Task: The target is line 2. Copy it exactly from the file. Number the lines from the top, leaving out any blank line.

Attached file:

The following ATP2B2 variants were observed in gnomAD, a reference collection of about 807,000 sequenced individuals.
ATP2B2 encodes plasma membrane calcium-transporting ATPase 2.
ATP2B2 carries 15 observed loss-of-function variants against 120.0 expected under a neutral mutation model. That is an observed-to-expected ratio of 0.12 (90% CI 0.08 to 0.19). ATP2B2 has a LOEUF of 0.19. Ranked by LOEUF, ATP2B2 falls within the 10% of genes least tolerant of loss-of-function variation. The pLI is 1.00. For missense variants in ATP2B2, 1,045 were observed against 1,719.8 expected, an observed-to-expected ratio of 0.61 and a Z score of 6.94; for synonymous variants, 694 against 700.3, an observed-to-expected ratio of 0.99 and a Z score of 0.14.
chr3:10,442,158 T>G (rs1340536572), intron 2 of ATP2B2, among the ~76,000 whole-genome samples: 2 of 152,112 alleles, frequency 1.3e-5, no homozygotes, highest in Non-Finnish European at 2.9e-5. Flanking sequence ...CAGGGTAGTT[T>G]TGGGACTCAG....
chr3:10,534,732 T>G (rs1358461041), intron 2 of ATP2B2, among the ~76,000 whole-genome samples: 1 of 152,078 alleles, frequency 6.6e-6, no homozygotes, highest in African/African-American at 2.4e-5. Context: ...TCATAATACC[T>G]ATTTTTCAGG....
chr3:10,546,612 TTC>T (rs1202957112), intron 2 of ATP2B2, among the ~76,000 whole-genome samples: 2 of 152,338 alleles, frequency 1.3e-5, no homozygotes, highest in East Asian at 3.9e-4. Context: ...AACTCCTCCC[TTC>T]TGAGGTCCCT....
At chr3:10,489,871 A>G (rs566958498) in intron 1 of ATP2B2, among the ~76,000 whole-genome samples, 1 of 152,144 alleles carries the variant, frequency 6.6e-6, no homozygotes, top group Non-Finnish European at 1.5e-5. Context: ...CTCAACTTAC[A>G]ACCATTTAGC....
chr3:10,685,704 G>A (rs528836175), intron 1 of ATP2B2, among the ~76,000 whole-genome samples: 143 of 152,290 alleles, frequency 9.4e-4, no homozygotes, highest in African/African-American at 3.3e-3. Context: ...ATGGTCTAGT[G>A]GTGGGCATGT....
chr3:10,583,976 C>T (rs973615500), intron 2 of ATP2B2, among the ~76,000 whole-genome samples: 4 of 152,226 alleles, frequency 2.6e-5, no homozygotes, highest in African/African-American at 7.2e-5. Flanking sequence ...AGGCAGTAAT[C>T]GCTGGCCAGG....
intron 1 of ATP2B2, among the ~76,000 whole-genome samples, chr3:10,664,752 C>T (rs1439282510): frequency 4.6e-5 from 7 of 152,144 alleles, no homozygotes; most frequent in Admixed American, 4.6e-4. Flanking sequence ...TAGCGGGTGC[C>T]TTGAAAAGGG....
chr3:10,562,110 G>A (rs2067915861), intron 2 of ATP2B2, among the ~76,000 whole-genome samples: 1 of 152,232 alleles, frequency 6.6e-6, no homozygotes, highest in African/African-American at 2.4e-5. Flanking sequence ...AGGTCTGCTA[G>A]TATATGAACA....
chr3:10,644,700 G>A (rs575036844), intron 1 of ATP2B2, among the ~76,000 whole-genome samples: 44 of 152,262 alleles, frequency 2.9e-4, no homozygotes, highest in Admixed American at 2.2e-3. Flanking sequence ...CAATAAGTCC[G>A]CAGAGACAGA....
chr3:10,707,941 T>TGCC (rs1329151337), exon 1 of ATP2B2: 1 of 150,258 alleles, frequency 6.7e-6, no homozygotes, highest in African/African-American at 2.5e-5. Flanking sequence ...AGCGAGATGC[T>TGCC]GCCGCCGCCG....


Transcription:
ATP2B2 encodes plasma membrane calcium-transporting ATPase 2.